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Mural brightens Medford byway

Jamie Lusch / Mail Tribune Melissa Ghiglieri, of Jacksonville, paints a mural Tuesday on the Acme Building in downtown Medford

An eye-catching mural depicting two clasped hands has added a message of unity and diversity to an off-the-beaten-track Medford street.

“It’s been getting great reviews,” said Lindsay Berryman, former Medford mayor who is involved in the Downtown Medford Association.

The mural, featuring a darker-colored hand holding a lighter-colored hand, is being painted on the east side of the Acme Building, on Evergreen Street at Sixth Street.

The mural faces the railroad tracks.

Berryman said the idea for the mural came from the owner of the building, Laz Ayala, and was further developed by Phil Ortega with the nonprofit LIFEArt, a local program that uses art to help local disadvantaged youth.

“It took Laz’s vision and Phil’s drive to make this happen,” said Berryman.

The city of Medford, Ayala, Berryman, Central Art Supply and LifeArt helped contribute the money and materials to pay for the $6,500 project. The Downtown Medford Association approved the design.

More than 10 local artists submitted ideas for the mural, but Ayala was particularly drawn to the sketch provided by Jacksonville artist Melissa Ghiglieri, who has done other murals in the valley, including in Eagle Point and White City.

She said this is the first piece of commissioned art that she’s done that offers a theme of humanity and unity, and also the first commission in Medford.

“I actually had no idea I'd ever do stuff like this,” Ghiglieri said. “It’s an honor to do something in such a public place and have such an impact on people.”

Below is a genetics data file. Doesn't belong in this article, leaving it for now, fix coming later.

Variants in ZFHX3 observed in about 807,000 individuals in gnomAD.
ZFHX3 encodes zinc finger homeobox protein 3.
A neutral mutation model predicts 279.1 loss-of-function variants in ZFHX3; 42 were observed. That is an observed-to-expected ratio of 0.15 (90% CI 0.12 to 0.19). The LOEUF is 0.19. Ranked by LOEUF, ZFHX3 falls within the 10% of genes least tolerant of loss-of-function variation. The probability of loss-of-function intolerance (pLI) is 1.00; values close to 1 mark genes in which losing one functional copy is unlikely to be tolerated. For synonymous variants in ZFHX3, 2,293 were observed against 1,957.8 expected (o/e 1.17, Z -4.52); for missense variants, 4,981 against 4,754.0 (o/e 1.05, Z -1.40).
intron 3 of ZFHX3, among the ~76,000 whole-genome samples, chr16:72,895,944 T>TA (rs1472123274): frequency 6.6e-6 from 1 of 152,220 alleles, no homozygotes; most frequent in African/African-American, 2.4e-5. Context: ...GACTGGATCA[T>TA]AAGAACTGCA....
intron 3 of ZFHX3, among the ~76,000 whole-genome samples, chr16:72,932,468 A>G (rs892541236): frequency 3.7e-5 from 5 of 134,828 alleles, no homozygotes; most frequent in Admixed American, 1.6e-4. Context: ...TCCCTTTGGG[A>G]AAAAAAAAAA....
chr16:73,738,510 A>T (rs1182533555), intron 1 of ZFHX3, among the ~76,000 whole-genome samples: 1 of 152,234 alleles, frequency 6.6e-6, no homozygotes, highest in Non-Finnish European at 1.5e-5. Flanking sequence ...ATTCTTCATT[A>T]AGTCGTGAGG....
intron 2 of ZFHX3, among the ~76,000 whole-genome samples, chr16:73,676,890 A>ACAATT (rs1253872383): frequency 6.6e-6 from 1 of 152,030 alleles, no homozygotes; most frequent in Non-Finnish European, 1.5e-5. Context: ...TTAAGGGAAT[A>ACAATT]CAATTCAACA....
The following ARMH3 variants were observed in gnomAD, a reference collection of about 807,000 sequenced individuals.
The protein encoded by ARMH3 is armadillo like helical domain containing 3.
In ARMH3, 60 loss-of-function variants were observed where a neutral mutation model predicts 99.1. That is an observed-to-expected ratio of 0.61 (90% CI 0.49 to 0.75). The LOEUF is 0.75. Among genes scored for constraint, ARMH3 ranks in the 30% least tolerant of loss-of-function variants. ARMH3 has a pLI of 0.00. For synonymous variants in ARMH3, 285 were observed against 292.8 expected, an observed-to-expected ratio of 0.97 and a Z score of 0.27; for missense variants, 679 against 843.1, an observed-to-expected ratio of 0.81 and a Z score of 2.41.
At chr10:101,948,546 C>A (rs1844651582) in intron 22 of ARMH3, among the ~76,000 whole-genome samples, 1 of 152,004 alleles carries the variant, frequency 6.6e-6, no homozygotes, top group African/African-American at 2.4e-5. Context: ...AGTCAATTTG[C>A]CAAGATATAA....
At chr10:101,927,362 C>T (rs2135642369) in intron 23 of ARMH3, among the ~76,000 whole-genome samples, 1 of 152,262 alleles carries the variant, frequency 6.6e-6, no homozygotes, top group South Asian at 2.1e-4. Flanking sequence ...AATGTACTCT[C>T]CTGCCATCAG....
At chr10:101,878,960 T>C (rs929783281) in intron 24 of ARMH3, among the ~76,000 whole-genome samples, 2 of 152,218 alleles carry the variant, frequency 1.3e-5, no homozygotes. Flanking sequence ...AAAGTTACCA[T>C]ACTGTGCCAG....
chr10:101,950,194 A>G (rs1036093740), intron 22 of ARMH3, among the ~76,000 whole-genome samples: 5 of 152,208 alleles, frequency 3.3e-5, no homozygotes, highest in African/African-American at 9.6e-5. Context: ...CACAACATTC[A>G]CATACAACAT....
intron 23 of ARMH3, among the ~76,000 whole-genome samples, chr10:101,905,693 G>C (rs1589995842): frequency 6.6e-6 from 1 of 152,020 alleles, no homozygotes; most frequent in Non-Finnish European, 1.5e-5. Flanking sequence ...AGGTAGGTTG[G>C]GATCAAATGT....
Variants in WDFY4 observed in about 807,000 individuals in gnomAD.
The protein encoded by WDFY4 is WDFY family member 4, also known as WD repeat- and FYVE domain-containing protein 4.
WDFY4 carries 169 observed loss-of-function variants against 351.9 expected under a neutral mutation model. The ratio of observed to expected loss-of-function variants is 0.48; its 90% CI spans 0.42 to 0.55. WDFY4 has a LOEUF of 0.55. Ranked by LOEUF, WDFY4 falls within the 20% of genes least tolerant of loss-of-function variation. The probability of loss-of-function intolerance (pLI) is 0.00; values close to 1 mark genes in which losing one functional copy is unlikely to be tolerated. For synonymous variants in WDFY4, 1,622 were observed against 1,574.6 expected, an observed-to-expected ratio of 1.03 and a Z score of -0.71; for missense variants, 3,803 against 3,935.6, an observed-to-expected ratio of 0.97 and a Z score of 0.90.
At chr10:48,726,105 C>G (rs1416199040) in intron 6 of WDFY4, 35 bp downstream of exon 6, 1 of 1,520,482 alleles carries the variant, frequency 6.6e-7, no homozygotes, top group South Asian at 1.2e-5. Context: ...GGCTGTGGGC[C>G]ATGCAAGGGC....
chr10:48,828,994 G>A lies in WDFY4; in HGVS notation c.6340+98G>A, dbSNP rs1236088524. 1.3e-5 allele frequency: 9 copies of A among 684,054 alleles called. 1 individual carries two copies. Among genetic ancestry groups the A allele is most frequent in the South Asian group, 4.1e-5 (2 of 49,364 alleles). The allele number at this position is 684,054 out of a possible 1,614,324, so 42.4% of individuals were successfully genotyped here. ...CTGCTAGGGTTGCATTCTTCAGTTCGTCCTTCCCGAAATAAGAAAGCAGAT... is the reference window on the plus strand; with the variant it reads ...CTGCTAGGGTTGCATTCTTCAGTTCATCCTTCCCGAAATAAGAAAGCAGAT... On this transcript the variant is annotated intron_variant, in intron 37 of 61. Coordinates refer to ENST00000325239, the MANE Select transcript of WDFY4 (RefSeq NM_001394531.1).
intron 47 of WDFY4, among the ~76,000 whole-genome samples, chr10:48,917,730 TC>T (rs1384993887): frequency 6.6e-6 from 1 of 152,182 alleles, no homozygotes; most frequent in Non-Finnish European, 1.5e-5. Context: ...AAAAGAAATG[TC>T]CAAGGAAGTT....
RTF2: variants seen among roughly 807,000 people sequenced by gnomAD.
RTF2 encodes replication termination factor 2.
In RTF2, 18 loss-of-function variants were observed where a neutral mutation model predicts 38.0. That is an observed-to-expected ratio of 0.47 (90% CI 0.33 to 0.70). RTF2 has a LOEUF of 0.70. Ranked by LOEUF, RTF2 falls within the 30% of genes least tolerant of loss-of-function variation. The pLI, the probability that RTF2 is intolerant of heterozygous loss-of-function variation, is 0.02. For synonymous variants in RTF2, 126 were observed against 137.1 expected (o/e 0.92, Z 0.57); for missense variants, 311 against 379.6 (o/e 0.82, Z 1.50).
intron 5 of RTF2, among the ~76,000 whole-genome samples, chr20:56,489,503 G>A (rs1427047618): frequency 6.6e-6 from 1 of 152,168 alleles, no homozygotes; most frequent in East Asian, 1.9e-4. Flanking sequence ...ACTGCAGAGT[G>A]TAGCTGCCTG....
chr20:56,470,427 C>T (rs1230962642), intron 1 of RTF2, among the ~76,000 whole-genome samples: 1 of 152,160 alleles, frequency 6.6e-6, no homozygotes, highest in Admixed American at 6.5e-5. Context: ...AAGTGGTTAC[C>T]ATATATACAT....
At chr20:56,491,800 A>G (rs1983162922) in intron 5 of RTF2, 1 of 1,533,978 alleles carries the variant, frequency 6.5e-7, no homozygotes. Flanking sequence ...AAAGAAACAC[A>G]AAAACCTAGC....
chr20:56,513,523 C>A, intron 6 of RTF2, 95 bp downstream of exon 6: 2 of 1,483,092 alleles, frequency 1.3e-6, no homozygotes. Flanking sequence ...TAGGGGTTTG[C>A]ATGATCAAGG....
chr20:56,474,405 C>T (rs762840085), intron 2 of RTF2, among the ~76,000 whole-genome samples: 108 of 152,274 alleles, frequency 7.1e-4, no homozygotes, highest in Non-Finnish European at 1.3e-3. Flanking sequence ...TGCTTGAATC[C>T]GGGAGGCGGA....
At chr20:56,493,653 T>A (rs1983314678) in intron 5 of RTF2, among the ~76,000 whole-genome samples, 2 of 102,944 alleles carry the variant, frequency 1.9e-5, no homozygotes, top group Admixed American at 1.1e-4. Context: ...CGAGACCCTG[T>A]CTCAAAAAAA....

The SOU graduate, who grew up locally, travels to South Africa at least once a year to work with children.

“It’s an intense environment over there, at least racially,” she said.

Ghiglieri said she started out in school thinking she’d pursue a career in medicine, but she was having second thoughts, so she decided to go to Africa when she was 21 and made a number of connections over there and fell in love with South Africa.

She said the painting of the mural is a collaboration between herself and the LIFEArt youths.

“Last Saturday, some of the kids came out to do the background,” she said.

The mural is roughly 15-by-30-feet, extending from the sidewalk up the side of the building.

While the clasped hands are done with blacks and whites, the background is maroon with a gold circle behind the hands.

Ghiglieri has done larger murals, including one for the Eagle Point School District that is some 100-by-30 feet.

She expects to finish the mural by Friday.

Ghiglieri said she hopes the mural offers a nonpolitical message.

“Hopefully it can be healing in some way,” she said. “When people have walked by so far, they have liked it. It’s very encouraging.”

Ortega with LIFEArt said the design of the mural went through a lot of focus groups with students from North and South Medford high schools as well as from Eagle Point. LIFEArt, which stands for “live, inspire and freedom of expression,” currently serves 480 kids.

“That mural is kind of a testament to the work we’ve been doing at LIFEArt,” Ortega said.

He said the goal is to help students who are struggling and often dealing with thoughts of suicide.

“We’re trying to minimize the graffiti in our community and redirect some of that energy,” Ortega said.

LIFEArt and other youth organizations last week celebrated the opening of their new building, located at a former fire station at 1241 W. Eighth St.

Some of the colors on the mural will change slightly as students add additional layers of color. A 4-inch-wide border will be painted around the mural to separate it from the surrounding wall.

“It’s pretty dramatic,” Ortega said.

Ayala had been thinking about a mural for the Acme Building for some time and wanted art that would reflect his interests.

“In diversity there is beauty and there is strength,” he said. “Our ability to reach unity in diversity will be the beauty and the test of our civilization.”

Ayala said he hopes that other businesses in the downtown area will embrace the idea of a mural on their buildings to create an “art alley” on Evergreen.

Reach freelance writer Damian Mann at dmannnews@gmail.com.